Everything You Need to Know About Urethane CastingCharles Leveillee
Did you know that urethane resin first appeared in the 1930s? Since then it’s used everywhere, from Hollywood movie studies to small craft rooms.
It’s definitely tried and tested – but so have many other resins. With a whole heap of options to pick from, how do you know urethane is the right one for you?
We’ve put together a run-through of everything you need to know about urethane casting. From curing times to how it compares to other resins, we’ve got the facts so you can make the right decision.
Take a look and start casting.
What is Urethane Casting?
Urethane is a type of resin that’s used to make a range of plastic items. It’s end-use is highly versatile; you can create both flexible items that are almost rubbery in texture, and very rigid plastics.
Urethane casting’s in the manufacture of short-run, low-volume products such as movie props or bespoke models. It involves pouring the urethane into a mold and letting it cure – but we’ll talk more about the process later.
Urethane casting is a brilliant low-cost, high-quality way to create parts and whole models. It works well for detailed designs too, creating a high standard finish quickly and without the high price tag of other methods.
Urethane Casting Process
Casting urethane can be tricky, so we recommend ordering a tester sample before a big order. You’ll be able to get to grips with the process, work out whether you like the resin, and avoid losing too much in failed attempts.
Most of us mess up a few times when trying a new resin, so don’t worry if it doesn’t go to plan!
The process starts with a silicone mold. In order to create this mold a master model of the parts will be manufactured by 3D printing or CNC Machining, then by pouring the silicone into a tool imprints of the parts will be shaped.
You then have to mix your urethane, which comes as two separate liquids. You should mix the parts in a 1:1 ratio or as directed on the brand instruction. As soon as you mix the two, a chemical reaction starts that turns them from liquid to solid – this is curing.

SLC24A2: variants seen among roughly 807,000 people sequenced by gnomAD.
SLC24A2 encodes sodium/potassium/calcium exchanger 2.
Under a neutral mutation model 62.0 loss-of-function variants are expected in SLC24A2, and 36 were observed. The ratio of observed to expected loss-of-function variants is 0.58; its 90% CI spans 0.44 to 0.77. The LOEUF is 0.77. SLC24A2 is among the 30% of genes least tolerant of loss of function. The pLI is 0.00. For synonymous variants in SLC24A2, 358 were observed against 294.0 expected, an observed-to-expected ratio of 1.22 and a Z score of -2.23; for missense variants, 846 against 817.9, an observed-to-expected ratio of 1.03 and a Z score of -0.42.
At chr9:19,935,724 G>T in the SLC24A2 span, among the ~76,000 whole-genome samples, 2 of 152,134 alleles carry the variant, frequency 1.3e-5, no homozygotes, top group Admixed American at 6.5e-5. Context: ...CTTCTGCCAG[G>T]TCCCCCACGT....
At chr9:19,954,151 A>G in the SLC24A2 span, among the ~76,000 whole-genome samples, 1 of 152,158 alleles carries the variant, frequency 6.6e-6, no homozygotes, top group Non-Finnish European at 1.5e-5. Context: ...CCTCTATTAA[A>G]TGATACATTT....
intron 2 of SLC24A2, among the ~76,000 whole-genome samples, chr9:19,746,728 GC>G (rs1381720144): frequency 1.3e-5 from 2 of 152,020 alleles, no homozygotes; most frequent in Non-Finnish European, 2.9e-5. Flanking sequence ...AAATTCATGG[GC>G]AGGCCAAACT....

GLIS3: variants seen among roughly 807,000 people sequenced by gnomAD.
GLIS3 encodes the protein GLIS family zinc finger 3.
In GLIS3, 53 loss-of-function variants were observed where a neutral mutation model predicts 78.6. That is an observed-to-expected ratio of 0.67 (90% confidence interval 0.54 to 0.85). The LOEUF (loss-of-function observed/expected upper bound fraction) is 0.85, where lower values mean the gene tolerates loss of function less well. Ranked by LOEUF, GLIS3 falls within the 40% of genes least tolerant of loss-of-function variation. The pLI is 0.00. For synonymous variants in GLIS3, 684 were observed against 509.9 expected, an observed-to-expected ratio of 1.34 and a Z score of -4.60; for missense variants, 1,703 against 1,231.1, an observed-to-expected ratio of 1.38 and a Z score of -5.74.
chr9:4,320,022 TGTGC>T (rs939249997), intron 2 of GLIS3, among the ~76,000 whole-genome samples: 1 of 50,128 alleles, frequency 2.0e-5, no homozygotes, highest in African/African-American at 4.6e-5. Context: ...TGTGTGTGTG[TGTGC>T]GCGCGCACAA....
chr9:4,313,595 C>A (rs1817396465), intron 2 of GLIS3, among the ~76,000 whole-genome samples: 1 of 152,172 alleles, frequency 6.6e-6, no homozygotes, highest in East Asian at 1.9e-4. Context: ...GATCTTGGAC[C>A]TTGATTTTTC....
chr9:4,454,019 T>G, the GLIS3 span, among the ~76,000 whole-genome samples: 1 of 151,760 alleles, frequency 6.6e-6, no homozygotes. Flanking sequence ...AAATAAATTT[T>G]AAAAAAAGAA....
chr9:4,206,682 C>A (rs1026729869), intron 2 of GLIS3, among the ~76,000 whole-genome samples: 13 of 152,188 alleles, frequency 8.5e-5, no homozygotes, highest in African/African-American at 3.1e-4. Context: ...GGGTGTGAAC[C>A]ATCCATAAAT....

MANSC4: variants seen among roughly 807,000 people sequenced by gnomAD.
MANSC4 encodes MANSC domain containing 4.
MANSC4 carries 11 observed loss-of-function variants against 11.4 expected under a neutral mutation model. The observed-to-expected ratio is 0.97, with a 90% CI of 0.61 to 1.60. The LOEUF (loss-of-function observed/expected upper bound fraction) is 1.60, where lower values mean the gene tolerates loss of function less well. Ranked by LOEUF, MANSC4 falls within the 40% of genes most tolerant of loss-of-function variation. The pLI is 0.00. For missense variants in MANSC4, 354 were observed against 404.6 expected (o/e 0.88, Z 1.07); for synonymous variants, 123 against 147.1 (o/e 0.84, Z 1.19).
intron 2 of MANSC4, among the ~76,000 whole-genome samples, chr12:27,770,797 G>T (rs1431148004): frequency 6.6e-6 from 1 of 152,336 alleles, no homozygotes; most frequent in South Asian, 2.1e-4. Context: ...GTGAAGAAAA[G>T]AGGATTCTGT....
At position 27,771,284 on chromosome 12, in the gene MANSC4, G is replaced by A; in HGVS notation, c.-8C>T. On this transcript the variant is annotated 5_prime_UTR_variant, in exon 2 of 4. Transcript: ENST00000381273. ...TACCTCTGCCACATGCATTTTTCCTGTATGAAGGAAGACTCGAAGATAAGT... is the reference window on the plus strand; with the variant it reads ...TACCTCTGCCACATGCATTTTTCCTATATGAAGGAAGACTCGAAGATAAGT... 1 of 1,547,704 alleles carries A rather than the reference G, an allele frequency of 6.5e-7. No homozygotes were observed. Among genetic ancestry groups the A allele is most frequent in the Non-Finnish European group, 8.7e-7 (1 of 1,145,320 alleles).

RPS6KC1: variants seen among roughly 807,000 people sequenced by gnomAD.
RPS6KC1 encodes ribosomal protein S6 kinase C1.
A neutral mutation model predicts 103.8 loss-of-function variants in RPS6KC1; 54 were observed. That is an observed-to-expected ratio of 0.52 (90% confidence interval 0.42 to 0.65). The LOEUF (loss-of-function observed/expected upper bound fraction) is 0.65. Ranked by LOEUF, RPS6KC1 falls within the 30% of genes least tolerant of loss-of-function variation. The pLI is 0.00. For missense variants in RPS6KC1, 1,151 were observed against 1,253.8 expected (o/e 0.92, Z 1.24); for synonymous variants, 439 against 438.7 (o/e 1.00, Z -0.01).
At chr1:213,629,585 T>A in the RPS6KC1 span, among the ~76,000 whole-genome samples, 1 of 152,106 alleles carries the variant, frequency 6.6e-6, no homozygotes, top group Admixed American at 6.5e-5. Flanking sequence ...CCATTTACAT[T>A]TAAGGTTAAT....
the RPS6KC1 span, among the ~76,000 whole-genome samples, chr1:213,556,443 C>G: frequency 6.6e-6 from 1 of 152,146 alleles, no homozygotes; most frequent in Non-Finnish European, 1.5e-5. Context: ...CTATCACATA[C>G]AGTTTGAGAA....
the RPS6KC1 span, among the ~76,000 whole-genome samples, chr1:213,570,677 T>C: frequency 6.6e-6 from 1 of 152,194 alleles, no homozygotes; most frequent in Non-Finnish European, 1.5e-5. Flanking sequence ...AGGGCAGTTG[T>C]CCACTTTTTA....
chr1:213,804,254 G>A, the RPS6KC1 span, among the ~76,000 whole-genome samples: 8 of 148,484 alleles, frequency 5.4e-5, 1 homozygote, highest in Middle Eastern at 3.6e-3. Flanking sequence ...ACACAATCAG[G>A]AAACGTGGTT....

You may also hear curing being referred to as room temperature vulcanization. It may sound more advanced, but it really is the same thing.
If you’re adding a tint to your resin, remember to do it before combining the two liquids. It can take a while to mix the tint so this will give you more time. If you add the tint to the combined resins, the urethane may start to set before you’ve thoroughly mixed it.
Once you’ve mixed the tint, you can combine parts A and B of your urethane. Stir this for between 10-20 seconds. You can then carefully pour it into your mold.
Leave your urethane for around 1 hour to cure – although you can follow the brand’s guidance for timing. Remember to always read their safety information, too, and they can tell you more about pot life and pouring techniques.
Once the resin is properly cured, remove it from the silicone mold – easy! They can repeat the operation up to 20 times.
Things to Remember When Using Urethane
Urethane can be affected by many factors. Remember these so that they don’t affect your final parts:
- Urethane hates moisture – As soon as urethane comes into contact with moisture, it reacts. Even the water in the air can ruin your urethane, which would be a pain after you’ve just bought two large jugs. So, always remember to put the caps back on your urethane as soon as you’ve poured it. This will help it to last longer and work better.
- Urethane is exothermic – An exothermic reaction is when heat is created, and this happens to urethane whilst it cures. Because of this, areas with a higher volume of concentrated urethane will cure faster than thinner areas. Just because one area is ready doesn’t mean the whole part is, so be sure to leave it for long enough for everything to dry. The exothermic reaction will also evaporate heat from your mold which can cause damage.